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Title page for ETD etd-12052014-153138

Type of Document Dissertation
Author Hamilton, Peter James
URN etd-12052014-153138
Title The reversal of dopamine transporter function is governed by plasma membrane interactions and disrupted by genetic variations
Degree PhD
Department Neuroscience
Advisory Committee
Advisor Name Title
Laurence Zwiebel Committee Chair
Aurelio Galli Committee Member
David Jacobson Committee Member
Hassane Mchaourab Committee Member
Kevin Currie Committee Member
  • Lipid
  • Amphetamine
  • Mutation
  • Transporter
  • Dopamine
  • Autism
Date of Defense 2014-12-05
Availability unrestricted
Dopaminergic neurotransmission plays an important role in the regulation of cognitive, behavioral, and motor functions. Abnormalities in the dopamine (DA) system have been implicated in neuropsychiatric disorders including drug addiction, schizophrenia, attention deficit hyperactivity disorder, and autism spectrum disorder (ASD). The DA transporter (DAT) is a presynaptic protein that regulates DA neurotransmission by mediating the re-uptake of synaptically released DA. The DAT is a major molecular target of the psychostimulant amphetamine (AMPH), which causes an elevation in extracellular DA by inducing a reversal in DAT function.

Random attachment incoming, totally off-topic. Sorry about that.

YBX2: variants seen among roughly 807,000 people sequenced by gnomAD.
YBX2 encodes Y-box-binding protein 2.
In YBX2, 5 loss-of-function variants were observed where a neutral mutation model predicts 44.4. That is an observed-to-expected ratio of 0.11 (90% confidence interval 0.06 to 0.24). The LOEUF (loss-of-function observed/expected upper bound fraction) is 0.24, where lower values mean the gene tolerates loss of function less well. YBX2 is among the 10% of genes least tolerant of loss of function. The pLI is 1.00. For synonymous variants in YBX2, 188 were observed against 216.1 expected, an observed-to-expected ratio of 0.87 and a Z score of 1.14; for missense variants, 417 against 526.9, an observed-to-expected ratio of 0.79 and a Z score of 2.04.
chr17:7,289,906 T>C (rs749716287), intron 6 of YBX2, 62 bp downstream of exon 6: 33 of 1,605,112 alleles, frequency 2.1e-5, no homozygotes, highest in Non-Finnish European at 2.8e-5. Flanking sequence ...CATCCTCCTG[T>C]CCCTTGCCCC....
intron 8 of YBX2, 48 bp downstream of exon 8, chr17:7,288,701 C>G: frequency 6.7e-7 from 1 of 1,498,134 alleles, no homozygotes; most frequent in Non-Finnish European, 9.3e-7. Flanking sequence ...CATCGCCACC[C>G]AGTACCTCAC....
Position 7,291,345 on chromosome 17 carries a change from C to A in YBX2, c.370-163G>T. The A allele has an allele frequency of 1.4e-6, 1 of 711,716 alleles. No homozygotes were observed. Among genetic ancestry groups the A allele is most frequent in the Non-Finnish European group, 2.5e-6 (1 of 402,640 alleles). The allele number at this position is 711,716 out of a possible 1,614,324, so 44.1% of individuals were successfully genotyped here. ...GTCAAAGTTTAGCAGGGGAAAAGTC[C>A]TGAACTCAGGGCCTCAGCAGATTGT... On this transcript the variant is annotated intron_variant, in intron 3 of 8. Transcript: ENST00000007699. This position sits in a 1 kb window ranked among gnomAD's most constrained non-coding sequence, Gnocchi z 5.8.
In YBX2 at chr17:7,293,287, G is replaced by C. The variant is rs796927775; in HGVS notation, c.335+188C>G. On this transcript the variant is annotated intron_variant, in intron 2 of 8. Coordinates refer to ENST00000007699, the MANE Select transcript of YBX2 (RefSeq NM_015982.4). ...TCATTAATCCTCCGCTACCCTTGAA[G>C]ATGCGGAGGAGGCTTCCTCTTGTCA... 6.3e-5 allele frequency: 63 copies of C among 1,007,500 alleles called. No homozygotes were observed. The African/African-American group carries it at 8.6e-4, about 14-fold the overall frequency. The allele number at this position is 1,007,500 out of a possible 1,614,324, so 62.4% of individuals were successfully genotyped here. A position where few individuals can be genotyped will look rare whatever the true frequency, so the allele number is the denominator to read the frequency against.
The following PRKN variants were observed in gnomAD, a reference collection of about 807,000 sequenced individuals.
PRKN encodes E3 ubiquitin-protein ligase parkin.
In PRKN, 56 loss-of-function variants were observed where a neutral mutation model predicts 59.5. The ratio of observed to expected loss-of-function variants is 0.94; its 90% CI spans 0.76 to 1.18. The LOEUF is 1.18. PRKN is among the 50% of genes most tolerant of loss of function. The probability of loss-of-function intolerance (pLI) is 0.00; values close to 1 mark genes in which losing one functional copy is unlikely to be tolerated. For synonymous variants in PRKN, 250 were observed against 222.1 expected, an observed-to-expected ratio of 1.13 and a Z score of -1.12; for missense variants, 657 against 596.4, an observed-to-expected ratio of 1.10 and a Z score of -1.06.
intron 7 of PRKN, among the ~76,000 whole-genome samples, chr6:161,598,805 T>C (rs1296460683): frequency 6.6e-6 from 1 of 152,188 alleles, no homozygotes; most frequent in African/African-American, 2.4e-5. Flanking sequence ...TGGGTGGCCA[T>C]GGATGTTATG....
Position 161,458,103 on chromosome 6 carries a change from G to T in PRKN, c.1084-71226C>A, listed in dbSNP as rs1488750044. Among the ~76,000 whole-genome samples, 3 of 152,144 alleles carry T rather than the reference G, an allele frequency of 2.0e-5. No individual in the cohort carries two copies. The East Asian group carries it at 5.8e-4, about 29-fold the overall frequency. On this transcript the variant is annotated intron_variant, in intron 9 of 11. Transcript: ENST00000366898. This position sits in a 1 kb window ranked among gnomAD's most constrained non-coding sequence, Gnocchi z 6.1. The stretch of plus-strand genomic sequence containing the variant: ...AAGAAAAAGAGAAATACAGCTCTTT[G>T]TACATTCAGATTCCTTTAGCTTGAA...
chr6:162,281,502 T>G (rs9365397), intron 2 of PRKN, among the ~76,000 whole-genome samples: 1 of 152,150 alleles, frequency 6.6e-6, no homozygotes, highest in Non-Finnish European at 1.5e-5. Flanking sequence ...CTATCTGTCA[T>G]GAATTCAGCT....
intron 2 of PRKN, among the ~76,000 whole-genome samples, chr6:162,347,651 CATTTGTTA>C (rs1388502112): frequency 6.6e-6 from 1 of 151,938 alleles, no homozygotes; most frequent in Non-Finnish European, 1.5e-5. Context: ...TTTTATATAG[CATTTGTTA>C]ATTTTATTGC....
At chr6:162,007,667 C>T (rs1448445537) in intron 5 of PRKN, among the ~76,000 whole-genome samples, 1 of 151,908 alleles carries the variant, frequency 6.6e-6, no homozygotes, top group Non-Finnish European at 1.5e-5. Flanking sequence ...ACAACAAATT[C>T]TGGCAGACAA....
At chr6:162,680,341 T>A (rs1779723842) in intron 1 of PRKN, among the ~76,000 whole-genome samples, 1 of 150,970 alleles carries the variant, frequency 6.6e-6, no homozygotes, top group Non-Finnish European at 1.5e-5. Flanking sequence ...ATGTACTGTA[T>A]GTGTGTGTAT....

Since DA neurotransmission is heavily dictated by DAT function, understanding the regulators of DAT transport may be instrumental in understanding DA-related neuropsychiatric disorders. In this dissertation, I report multiple avenues of research that explore the regulatory events associated with DAT-mediated reverse transport of DA. First, I present that the phospholipid PIP2 directly binds, through electrostatic interactions, to positively charged DAT N-terminal residues. This interaction is required for robust AMPH-induced, DA efflux, yet does not affect the process of DA uptake. I also describe an ASD-associated de novo mutation in the DAT gene. This de novo mutation causes profound abnormalities in DAT function, including a persistent reverse transport of DA. Exposing the mutant DAT to Zn2+ partially reverses the functional deficits observed in the transporter. Lastly, I functionally characterize the effect of two separate gene variations associated with ASD, one in the DAT-interacting protein syntaxin 1 (STX1) and one in the DAT itself. I observe that the STX1 variant is hypo-phosphorylated at a key regulatory residue, resulting in a reduction in the capacity of the DAT to reverse transport DA. In parallel, I observe that the hDAT variant has reduced interactions with STX1, which also results in a reduction in the capacity of the DAT to transport DA in reverse. Collectively, these data outline multiple molecular and structural regulators of the reversal of DAT function and may contribute to a more complete understanding of the etiology of DA-related neuropsychiatric disorders.

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